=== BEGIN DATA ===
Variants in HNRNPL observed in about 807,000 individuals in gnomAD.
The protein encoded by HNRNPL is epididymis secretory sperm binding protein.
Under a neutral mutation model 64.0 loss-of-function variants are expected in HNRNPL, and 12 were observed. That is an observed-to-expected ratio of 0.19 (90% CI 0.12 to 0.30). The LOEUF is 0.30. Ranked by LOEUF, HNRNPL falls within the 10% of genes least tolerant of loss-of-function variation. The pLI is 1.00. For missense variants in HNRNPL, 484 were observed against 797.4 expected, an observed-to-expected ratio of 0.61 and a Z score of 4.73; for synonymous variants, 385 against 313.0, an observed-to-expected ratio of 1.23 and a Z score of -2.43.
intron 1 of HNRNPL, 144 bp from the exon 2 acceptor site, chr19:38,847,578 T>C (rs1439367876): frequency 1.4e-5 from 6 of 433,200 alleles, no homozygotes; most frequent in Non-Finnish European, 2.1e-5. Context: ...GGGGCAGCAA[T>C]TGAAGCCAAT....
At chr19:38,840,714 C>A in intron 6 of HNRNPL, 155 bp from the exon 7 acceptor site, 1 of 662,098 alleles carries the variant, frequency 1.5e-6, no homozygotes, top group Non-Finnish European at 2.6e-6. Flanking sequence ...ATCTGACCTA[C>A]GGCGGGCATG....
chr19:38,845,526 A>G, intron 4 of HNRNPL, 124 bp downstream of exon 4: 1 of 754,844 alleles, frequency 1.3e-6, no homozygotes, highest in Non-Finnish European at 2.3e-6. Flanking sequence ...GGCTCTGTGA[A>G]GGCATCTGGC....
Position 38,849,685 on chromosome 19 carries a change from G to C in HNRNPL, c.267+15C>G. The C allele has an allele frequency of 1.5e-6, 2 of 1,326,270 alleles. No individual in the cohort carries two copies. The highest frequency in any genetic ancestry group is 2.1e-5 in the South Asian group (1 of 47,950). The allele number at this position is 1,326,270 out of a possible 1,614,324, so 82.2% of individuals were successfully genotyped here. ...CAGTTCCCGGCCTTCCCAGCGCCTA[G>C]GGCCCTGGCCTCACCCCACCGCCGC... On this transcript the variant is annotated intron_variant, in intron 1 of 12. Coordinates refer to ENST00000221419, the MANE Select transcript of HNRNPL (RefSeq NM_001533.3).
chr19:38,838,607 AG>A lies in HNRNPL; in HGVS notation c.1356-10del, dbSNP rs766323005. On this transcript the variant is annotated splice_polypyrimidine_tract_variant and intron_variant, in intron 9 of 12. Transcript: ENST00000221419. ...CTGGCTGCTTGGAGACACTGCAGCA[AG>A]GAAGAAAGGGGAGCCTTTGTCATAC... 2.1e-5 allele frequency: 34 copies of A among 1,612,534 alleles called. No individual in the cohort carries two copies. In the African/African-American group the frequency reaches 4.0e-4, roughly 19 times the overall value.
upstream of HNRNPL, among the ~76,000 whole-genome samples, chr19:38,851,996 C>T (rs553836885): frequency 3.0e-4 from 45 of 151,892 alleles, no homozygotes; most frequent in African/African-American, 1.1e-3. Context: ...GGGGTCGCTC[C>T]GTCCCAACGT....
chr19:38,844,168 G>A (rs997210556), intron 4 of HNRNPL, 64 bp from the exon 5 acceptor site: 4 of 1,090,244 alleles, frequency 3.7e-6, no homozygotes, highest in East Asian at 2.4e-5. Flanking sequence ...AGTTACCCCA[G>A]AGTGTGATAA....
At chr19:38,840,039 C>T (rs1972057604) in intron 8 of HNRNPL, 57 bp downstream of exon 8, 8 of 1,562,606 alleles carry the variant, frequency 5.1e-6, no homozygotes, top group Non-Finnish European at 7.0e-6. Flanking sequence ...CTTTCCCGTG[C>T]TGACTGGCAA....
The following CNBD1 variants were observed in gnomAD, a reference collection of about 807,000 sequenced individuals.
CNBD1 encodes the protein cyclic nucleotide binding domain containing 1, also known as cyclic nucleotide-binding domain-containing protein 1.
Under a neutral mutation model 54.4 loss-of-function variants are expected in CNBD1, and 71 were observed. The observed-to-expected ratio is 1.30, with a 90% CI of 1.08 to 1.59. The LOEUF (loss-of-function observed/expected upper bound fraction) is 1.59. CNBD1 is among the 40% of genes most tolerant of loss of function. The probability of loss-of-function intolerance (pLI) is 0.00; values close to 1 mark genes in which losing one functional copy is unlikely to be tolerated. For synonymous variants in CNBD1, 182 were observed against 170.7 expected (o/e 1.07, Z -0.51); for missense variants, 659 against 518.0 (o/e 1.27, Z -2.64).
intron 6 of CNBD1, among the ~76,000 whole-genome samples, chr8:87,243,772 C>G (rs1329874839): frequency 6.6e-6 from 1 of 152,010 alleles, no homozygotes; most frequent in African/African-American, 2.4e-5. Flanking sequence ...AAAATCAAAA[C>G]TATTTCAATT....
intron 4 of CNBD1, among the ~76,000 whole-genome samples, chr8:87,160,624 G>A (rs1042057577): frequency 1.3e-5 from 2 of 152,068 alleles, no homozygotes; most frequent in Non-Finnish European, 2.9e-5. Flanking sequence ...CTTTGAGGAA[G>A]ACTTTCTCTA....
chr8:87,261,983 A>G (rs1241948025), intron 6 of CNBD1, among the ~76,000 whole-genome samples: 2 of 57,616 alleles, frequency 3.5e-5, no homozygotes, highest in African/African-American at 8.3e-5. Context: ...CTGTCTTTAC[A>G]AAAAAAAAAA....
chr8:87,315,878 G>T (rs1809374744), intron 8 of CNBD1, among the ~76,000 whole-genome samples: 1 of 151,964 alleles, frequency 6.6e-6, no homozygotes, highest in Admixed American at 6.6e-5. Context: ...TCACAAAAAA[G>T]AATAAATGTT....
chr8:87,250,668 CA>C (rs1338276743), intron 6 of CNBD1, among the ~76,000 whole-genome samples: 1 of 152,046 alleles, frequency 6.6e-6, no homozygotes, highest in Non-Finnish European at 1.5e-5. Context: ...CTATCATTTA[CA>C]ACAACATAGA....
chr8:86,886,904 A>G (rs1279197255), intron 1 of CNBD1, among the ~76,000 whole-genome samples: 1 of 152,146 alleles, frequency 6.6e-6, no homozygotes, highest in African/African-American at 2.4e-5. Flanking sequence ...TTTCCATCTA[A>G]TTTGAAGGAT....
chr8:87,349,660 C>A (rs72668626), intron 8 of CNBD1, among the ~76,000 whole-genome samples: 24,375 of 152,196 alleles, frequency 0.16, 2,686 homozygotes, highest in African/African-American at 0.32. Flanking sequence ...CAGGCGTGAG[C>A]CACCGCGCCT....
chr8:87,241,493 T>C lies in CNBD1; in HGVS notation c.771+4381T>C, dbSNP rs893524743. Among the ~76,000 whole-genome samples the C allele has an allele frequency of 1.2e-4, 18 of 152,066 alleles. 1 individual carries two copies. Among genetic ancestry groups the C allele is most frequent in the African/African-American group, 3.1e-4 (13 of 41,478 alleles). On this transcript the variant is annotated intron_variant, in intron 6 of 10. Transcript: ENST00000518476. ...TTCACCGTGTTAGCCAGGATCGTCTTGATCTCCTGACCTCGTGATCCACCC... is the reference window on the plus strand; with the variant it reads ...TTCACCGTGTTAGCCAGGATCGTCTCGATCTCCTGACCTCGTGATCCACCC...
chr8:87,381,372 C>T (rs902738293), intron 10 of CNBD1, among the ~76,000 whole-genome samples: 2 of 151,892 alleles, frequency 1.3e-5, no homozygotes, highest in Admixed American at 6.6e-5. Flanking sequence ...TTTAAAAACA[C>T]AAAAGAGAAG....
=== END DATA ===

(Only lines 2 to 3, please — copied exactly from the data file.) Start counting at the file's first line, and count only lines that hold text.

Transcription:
The protein encoded by HNRNPL is epididymis secretory sperm binding protein.
Under a neutral mutation model 64.0 loss-of-function variants are expected in HNRNPL, and 12 were observed. That is an observed-to-expected ratio of 0.19 (90% CI 0.12 to 0.30). The LOEUF is 0.30. Ranked by LOEUF, HNRNPL falls within the 10% of genes least tolerant of loss-of-function variation. The pLI is 1.00. For missense variants in HNRNPL, 484 were observed against 797.4 expected, an observed-to-expected ratio of 0.61 and a Z score of 4.73; for synonymous variants, 385 against 313.0, an observed-to-expected ratio of 1.23 and a Z score of -2.43.